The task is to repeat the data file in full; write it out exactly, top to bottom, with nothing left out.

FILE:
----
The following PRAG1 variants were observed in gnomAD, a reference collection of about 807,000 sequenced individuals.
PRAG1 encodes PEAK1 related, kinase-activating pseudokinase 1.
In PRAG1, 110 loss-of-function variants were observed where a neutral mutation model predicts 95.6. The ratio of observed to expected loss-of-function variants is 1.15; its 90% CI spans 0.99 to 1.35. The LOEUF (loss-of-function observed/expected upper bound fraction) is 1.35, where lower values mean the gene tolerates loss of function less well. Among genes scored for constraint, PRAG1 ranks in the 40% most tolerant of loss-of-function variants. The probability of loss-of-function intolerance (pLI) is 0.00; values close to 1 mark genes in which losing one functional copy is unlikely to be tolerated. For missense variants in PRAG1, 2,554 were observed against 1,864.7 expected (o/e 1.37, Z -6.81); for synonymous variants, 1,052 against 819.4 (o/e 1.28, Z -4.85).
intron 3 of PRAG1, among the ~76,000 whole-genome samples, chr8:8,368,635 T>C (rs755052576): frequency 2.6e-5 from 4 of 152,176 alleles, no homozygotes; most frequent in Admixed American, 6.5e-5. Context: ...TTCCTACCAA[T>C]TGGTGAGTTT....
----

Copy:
The following PRAG1 variants were observed in gnomAD, a reference collection of about 807,000 sequenced individuals.
PRAG1 encodes PEAK1 related, kinase-activating pseudokinase 1.
In PRAG1, 110 loss-of-function variants were observed where a neutral mutation model predicts 95.6. The ratio of observed to expected loss-of-function variants is 1.15; its 90% CI spans 0.99 to 1.35. The LOEUF (loss-of-function observed/expected upper bound fraction) is 1.35, where lower values mean the gene tolerates loss of function less well. Among genes scored for constraint, PRAG1 ranks in the 40% most tolerant of loss-of-function variants. The probability of loss-of-function intolerance (pLI) is 0.00; values close to 1 mark genes in which losing one functional copy is unlikely to be tolerated. For missense variants in PRAG1, 2,554 were observed against 1,864.7 expected (o/e 1.37, Z -6.81); for synonymous variants, 1,052 against 819.4 (o/e 1.28, Z -4.85).
intron 3 of PRAG1, among the ~76,000 whole-genome samples, chr8:8,368,635 T>C (rs755052576): frequency 2.6e-5 from 4 of 152,176 alleles, no homozygotes; most frequent in Admixed American, 6.5e-5. Context: ...TTCCTACCAA[T>C]TGGTGAGTTT....